1. Investments via P-Notes drop to $39 bn in November

Investments via P-Notes drop to $39 bn in November

The level of investments in domestic shares through participatory notes (P-Notes) declined to Rs 2.5 lakh crore...

By: | New Delhi | Published: December 29, 2014 2:48 PM
FFI, Investment, Participatory notes

The quantum of FII investments through P-Notes dropped to 11 per cent last month from 12.2 per cent in October. (AP)

The level of investments in domestic shares through participatory notes (P-Notes) declined to Rs 2.5 lakh crore (USD 39 billion) in November after hitting nearly a 7-year high in the preceding month.

According to the data released by the Securities and Exchange Board of India (Sebi), the total value of P-Note investments in Indian markets (equity, debt and derivatives) dropped to Rs 2,49,210 crore last month from Rs 2,65,675 crore (USD 43 billion) in October.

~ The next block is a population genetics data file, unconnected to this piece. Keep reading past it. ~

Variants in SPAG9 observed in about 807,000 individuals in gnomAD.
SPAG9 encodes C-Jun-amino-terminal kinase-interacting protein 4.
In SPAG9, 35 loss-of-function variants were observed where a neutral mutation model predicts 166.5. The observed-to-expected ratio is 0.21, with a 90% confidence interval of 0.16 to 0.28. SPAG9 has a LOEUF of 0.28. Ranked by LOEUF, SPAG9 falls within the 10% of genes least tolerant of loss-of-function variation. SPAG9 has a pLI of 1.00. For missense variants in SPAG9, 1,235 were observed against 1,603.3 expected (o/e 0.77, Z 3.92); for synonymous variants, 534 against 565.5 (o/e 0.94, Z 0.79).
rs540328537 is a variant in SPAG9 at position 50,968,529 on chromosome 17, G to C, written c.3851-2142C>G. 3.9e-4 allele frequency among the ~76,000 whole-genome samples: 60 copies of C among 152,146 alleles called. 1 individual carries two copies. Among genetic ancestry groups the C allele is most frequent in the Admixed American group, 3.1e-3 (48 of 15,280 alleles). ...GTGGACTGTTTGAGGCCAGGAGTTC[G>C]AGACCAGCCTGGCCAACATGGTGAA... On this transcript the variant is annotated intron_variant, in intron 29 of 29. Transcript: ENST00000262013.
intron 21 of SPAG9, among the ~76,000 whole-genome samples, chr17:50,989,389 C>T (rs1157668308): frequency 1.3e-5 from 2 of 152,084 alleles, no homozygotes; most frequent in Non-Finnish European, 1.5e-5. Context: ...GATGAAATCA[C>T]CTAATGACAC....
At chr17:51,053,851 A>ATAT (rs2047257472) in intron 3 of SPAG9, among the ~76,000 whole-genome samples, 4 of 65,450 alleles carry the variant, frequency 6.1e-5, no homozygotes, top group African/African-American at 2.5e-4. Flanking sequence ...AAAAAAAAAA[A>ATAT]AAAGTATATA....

Investment in October was the highest level since February 2008, when the cumulative value of such investments stood at Rs 3,22,743 crore.
P-Notes allow foreign investors to enter markets through registered foreign institutional investors (FIIs) and exempts them from getting registered directly with Sebi.

This saves time and costs for investors, but the flip side is that the route can also be used for round tripping of black money.

The quantum of FII investments through P-Notes dropped to 11 per cent last month from 12.2 per cent in October.

Till a few years ago, P-Notes used to account for more than 50 per cent of the total FII investments, but their share has fallen after Sebi tightened the disclosure norms and other regulations for such investments.

P-Notes have been accounting for mostly 15-20 per cent of the total FII holdings in India since 2009, while it used to be much higher in the range of 25-40 per cent in 2008.

It was as high as over 50 per cent at the peak of Indian stock market bull run during 2007.

Last month, Sebi directed foreign investors to ensure compliance with all necessary norms before issuing such notes with immediate effect amid concerns about possible misuse of Offshore Derivative Instruments, or P-Notes, for money laundering and other such purposes.

  1. No Comments.

Go to Top